4.9.06


I went downtown a couple days ago to pick up some of the monthly magazines that I really should subscribe to, Metropolis and Dwell, for example. Anyway, I was leaving when something else caught my eye. ArchitectureBoston, which I do occasionally pick up, has Eastie on the cover! I don't think I need to say what a giant leap that is. The article are mostly pretty good. I'd say that the magazine did a good job of both celebrating the culture that exists in East Boston as well examining the changes that are happening. Here's a snippet from the intro:

Most Bostonians don't really know East Boston, despite the fact that many of them drive through or fly over it on a regular basis. And most of the have no idea of the magnitude of the change that is underway... (Eastie) is a microcosm of issues that are playing out in many communities across the country, issues such as waterfront development, conversion of industrial lands, reuse of obsolete buildings, changing identity, transportation and open-space pressures, and an increasingly diverse population...

I think that's a really good intro to the issues the we're facing.

When I first moved to Eastie two years ago, I choose it because it was relatively cheap, safe and had good transit. I would say that for the 6 months or so, we were hoping to move into the city more at some point, but now I don't really feel that way anymore. The process that we've been living through here has been an invaluable learning experience. You find yourself at times loving the new improvements, like the parks or some of the new buildings, and at other times lamenting what is being lost, like the two beautiful brick buildings on Chelsea Street the were removed for some reason last year.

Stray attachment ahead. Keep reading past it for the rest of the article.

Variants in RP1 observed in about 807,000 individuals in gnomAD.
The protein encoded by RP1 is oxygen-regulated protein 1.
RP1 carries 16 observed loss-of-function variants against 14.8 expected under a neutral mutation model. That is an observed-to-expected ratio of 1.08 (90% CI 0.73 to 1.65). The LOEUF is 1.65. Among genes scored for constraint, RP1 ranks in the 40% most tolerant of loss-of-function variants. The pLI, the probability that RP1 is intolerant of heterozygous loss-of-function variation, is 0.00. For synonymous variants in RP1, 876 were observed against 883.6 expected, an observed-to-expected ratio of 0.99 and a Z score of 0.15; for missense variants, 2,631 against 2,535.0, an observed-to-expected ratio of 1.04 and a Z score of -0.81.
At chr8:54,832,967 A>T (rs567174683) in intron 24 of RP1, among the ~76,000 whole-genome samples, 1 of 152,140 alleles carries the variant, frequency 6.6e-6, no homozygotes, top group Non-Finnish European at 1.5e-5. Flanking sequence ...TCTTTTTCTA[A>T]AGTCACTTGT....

The magazine also points out some of the things that might "protect" East Boston from some of the changes that really hurt the South End years ago when it was going through the same process. We have smaller building footprints, which makes it tougher for a GAP or Starbucks to move in. We are a large percentage owner occupied (usually with tenants as well in the same building) which makes it harder to displace people, and, the neighborhood is full of community activists who are used to challenging the airport.

At the same time, we've got almost 2000 new luxury condo units coming in. It's hard to imagine that that won't change the change the neighborhood significantly.

Anyway, I might post some more on this later... but I need to get going... I'm so bad at conclusions...

2 comments:

Driver2165 11:01 AM  

did you see the feature on roads and planning in the second-to-most recent dwell? it had a nice writing style that seperated it from most

onetenchelsea 12:58 PM  

I think that was the one when I was out of the country.

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